As I was saying in other posts, grade inflation is bullshit, other than it being inflated to D grades which are useless on a resume.

  4. Hasdrubal

    I ended up taking Geometry in summer school, because I fucked off during the school year. It was a 6 week course that covered the entire 2nd semester that I failed. I never made lower than 95 on any test we took until the final where I got a 79. The reason is I didn’t study and basically forget everything we learned the first 2 weeks. I can read something in a history book once and it will stick around in my head for years even if I don’t use that info. Mathematical formulas are far less sticky for me, if I’m not using that formula it will stay in my head for a month at best. It’s not that I can’t do higher math it’s that I just don’t retain those formulas well.

  5. guy from Montréal

    When it comes to retaining information I find it sticks much better when it is something that interests or pleases you, if you really don’t give a shit about the subject at hand it just won’t stick that well.

    • Jason Y

      Right but even most math majors probably don’t give a crap about a lot of what they learn. They’re only interested in some stuff, and of course, they’re always interested in the money once they graduate.

      So you see, they will study even boring crap, if that’s what they have to do, as oppsed to what they want to do.

  6. Jason Y

    Math take a massive amount of repetitive work. Considering a lot of people are unwilling to do it, or don’t have the time, you would see why math grades would be average or bad.

    Of course, if you got some super memory at learning formulas and procedures then you won’t need repetitive work. Anyone like that?

  7. Jason Y

    Algebra 2, never could get the hang of it. Flunked the course, had to take it in summer school, had the teacher himself as my personal instructor with 1-2 other people in the class, finally got a D I think.

    Algebra 2 is incredibly easy. Again, the key is that people who don’t like it, won’t do the work, unless of course, they think it will lead to something better. Algebra 2 is so easy you could compare it kindergarten.

    Niow some really hard stuff would be college level linear algebra, Calculus II and III, simply cause you have to know so many procedures, and you have to know how to get around little quarks that could screw up your problem. Say you know the formula, but something comes up where you need a trig identity,

    • Jason Y

      I always thought teacher educaton courses were boring. They were so boring, they made you not want to do it. I know I would never major in human development stuff unless I thought big money was involved.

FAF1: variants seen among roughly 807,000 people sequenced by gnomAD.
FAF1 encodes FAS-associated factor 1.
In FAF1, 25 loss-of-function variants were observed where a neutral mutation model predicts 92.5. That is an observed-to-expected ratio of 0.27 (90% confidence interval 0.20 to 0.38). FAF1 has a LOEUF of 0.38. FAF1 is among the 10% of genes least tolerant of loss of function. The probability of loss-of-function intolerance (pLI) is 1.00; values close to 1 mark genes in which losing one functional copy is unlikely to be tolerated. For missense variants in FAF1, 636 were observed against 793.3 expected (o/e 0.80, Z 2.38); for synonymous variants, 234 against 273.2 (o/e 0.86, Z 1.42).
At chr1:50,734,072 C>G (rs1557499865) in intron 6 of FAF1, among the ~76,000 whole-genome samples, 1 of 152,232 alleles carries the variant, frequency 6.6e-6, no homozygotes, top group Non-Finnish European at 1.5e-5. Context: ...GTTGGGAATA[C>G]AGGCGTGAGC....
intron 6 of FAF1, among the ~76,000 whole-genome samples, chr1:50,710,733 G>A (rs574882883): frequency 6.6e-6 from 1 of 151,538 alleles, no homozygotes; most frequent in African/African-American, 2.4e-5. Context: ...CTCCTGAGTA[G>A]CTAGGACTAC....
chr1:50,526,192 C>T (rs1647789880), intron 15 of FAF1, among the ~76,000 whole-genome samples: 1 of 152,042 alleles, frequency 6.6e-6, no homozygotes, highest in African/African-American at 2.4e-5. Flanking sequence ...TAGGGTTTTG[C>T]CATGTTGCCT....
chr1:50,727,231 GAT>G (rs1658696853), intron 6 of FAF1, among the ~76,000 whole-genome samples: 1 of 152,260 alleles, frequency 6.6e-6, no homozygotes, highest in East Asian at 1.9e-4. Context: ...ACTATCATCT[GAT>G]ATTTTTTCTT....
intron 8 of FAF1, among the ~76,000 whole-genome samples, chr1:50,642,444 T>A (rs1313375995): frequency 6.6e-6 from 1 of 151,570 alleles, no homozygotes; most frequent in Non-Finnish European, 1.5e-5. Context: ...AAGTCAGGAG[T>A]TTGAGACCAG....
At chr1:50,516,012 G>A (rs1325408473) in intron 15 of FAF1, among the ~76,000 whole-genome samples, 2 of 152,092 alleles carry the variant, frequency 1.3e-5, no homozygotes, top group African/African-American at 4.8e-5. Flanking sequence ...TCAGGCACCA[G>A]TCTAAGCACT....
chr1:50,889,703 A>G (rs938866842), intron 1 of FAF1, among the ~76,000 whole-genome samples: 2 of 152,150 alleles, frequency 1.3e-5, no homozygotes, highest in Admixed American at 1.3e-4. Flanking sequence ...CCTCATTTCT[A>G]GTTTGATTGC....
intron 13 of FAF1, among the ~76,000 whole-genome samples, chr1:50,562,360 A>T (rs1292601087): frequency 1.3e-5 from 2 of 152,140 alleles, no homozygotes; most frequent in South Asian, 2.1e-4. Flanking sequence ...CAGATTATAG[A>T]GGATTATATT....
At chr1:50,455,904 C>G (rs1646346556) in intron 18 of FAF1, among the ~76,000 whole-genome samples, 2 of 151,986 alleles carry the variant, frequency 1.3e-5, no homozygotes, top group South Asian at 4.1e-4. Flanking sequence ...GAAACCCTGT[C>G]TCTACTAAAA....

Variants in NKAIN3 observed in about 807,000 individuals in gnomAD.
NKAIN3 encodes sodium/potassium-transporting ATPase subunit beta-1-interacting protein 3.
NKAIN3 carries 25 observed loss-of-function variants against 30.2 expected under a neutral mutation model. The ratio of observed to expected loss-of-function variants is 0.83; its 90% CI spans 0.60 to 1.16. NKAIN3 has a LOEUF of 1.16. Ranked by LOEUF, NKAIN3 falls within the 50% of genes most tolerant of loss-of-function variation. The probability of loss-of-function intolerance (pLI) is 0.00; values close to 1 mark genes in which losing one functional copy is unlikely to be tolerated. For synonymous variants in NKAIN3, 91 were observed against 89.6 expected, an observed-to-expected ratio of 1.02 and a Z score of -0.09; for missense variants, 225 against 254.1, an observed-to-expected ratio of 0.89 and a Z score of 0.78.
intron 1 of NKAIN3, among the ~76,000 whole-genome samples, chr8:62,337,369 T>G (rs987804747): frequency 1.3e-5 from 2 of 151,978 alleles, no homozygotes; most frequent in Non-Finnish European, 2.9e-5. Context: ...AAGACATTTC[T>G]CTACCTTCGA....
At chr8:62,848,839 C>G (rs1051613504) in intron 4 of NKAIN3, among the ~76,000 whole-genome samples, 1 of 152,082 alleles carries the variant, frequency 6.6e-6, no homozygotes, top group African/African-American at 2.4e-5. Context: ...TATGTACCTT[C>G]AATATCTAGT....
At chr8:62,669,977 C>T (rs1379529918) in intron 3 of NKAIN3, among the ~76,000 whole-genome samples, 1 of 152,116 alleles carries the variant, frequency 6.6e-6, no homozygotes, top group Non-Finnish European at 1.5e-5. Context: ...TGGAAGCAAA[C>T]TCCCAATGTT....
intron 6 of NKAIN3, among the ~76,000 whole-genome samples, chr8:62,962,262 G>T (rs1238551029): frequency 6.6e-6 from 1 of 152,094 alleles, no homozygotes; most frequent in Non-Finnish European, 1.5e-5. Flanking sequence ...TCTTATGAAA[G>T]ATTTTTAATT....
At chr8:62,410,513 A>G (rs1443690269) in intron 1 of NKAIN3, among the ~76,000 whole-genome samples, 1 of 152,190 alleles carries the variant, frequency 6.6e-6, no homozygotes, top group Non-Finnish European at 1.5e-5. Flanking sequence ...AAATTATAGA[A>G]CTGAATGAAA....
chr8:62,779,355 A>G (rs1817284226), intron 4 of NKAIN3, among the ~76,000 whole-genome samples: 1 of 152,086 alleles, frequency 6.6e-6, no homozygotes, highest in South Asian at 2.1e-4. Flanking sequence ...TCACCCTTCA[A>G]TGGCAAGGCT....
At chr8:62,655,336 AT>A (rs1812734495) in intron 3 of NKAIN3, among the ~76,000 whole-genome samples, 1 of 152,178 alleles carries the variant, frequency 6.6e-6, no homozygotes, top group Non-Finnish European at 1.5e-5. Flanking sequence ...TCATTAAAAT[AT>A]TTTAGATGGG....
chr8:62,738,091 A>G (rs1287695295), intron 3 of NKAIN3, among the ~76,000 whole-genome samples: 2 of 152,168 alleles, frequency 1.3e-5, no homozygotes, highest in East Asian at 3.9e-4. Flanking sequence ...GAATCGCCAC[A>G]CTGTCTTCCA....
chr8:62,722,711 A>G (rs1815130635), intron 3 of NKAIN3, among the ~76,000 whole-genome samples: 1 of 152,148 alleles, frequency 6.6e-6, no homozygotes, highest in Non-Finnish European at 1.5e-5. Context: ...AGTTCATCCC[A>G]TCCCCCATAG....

• I worked my ass off in Algebra II, and I still could never get it. I forget why I failed, but I think it never made sense to me and I could never figure out either the problems or the answers or both. It was mystifying.

      The way I see it is that my brain simply does not work that way.

      I could study like a crazed maniac in that subject and I would still fail it or barely pass. I don’t believe in this “anyone can do math if they just do the work” bullshit. It’s nonsense. Some people’s brains are just not good at that stuff.

      • Jason Y

        Possibly you could have learned it if you took it over and over. Some people take longer to learn stuff. However, who has the time to keep repeating a course?

        Yeah, that’s the problem. You have to learn a subject within a certain time frame, but it’s very possible some people, even with hard work, can’t learn certain skills quickly.

        In a sense, that’s the whole thing with IQ. Generaly speaking, IQ doesn’t say you can’t learn something, but only it may take you longer than other people.

      • Jason Y

        You did say that you repeated it (Algebra II), but I bet if you had took it one or two more times, you would have got a B or an A.

      • “In a sense, that’s the whole thing with IQ. Generaly speaking, IQ doesn’t say you can’t learn something, but only it may take you longer than other people.”

        …which can be translated into general efficiency at least concerning that part of the mind.

        “You did say that you repeated it (Algebra II), but I bet if you had took it one or two more times, you would have got a B or an A.”

        But was that at his disposal?

        • Jason Y

          No, probably, the stutation didn’t allow him to take algebra over and over. However, if he could have done that, he probably would have succeded, assuming he worked hard.

          Anyhow, he probably hated the subject and was just glad to pass and get out.

        • Gay State Girl

          Algebra/Trig shouldn’t be required for generic HS or CC graduation. It just drains students. I tutored Pre Calc/Calc I at Community College. The students that I tutored required Pre Calc for business certificates (to run laundromats) or Calc I for basic 2-year medical technician certificates (Phlebotomy or X Ray) and many of these students labored to receive C’s.